William Arnold of Cowes
by Colin Arnold
WILLIAM ARNOLD has left his mark in history through his son Thomas, the famous headmaster of Rugby School, and through his grandson Matthew Arnold, the well known poet. But William, who lived at Cowes for twenty-four years, was a man of note in his own right.
William's bachelor uncle was the first of the Suffolk Amolds to move to the Isle of Wight. He became the Collector of Excise for the Island. And William's father was a Supervisor of Excise for Poole. So in accepting the job of Collector of Customs at Cowes in 1777, William was really following in the family footsteps. His duties were many and varied, for, besides seizing smuggling vessels, he was responsible for the registration of new vessels and for giving clearance to local ships, as well as to all sea-going merchant vessels in the area. He had a marked talent in dealing with people, and was a tolerant and understanding man as well as a champion of his men's rights.
When he first took up his duties, smugglers would flaunt the Customs openly and often landed their cargoes during daylight, under the very eyes of the Customs men, who could do little to stop them. The smuggling vessels were usually heavily armed, whereas the local Customs' cutter was too frail to carry much armament. And, until Arnold improved matters, compensation for injury to Customs men in the course of their duty, was non-existent.
Arnold was determined to put a stop to the blatant practices of these smugglers and persuaded his superiors to allow him to find a large cutter for his own use in combating them. He fitted out a vessel at great expense to himself and called it the 'Swan'. A month after the launching, the 'Swan's' commander, George Sarmon of Cowes, was making a search, for a notorious smuggler called Streeter, who was operating near Hurst Castle. In risking the rough weather around the Needles, the 'Swan' was thrown onto the shingle and lost. This was a grave blow to Arnold's finances, especially as the vessel was uninsured.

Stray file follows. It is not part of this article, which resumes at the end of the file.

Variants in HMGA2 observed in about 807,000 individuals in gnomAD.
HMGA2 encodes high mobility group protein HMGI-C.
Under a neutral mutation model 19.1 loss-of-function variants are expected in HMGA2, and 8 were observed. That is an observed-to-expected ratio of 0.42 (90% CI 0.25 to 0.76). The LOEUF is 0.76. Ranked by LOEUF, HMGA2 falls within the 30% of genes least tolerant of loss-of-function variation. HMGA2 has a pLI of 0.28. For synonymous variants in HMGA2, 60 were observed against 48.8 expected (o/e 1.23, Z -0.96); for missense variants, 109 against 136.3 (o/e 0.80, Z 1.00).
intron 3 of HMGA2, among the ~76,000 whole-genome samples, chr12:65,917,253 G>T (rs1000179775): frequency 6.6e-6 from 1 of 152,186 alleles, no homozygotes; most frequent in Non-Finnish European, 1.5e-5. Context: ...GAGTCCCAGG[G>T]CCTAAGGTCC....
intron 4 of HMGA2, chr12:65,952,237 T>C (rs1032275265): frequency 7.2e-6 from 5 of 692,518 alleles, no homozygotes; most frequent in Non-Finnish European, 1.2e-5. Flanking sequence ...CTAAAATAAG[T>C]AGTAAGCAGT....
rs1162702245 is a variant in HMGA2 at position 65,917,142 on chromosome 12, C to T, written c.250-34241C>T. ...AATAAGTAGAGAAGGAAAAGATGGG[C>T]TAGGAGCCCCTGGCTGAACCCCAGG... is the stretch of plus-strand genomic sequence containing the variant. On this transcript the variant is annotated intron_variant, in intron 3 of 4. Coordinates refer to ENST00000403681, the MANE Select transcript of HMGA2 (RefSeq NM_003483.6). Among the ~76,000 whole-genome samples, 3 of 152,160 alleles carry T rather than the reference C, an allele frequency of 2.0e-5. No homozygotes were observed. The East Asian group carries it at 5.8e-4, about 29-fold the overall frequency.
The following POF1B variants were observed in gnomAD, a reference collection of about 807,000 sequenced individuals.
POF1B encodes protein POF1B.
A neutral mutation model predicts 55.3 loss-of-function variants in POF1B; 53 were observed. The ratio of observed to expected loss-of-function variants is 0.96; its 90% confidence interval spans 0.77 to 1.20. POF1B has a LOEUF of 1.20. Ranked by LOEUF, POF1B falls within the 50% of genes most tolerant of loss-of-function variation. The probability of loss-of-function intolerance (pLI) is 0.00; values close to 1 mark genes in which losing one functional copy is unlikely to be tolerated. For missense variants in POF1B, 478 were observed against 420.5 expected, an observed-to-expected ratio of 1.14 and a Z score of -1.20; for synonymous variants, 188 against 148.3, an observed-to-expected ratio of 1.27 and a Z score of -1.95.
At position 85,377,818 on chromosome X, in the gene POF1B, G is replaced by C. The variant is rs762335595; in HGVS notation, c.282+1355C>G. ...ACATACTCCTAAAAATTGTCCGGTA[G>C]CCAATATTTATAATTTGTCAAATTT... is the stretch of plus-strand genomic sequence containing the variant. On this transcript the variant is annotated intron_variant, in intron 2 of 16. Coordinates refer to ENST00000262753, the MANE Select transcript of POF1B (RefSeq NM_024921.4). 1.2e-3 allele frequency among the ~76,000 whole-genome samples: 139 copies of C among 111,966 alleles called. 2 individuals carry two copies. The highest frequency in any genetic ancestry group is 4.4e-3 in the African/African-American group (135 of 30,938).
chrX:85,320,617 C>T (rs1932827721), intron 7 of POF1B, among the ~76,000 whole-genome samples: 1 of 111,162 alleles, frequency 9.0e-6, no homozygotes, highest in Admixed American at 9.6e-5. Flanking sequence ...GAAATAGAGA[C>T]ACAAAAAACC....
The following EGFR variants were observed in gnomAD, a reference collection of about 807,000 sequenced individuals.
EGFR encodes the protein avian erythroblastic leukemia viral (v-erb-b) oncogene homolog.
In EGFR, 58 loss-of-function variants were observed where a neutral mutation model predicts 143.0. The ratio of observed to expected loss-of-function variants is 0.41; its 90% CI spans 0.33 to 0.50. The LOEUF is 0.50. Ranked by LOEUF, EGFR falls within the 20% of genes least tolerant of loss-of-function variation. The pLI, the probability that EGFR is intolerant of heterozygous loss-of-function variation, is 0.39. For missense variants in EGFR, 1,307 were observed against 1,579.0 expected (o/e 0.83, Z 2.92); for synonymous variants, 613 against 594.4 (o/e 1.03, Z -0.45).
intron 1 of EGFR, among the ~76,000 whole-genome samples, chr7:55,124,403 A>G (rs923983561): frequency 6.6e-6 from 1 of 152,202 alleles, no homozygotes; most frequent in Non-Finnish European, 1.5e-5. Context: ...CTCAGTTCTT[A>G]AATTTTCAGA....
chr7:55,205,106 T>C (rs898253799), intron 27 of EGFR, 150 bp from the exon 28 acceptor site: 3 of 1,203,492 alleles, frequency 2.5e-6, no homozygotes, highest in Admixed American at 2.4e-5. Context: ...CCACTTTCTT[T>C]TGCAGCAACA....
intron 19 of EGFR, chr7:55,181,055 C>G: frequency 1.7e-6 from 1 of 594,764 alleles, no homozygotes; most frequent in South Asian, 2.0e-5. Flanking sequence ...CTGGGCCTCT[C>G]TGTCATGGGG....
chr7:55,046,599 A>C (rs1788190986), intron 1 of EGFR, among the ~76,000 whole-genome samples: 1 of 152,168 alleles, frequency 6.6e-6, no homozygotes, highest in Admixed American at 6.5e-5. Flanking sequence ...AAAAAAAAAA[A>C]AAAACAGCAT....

However, the Crown footed the bill for a second 'Swan' of 90 tons, which was also under the command of George Sarmon. After three years, his brother Francis Sarmon took over the ship and later commanded 'Swan III' and 'Swan IV'. During the war with France, 'Swan III' was captured and Sarmon and his crew were imprisoned in France for several months. After many skirmishes with the smugglers, Sarmon's career ended abruptly in 1797 in 'Swan IV'. He was killed by a musket-shot from a French privateer. This was a shock to Arnold, who had known the Sarmons for fourteen years. Typically, he made sure that Sarmon's widow was helped financially.
The control of inland smuggling was also under Arnold's jurisdiction. His Riding Officers patrolled between Cowes and Newtown harbour and skirted the whole coast via the Needles, Atherfield, Niton, Shanklin and over Culver Downs to Brading Harbour; thence from Ryde to East Cowes to make a complete circuit.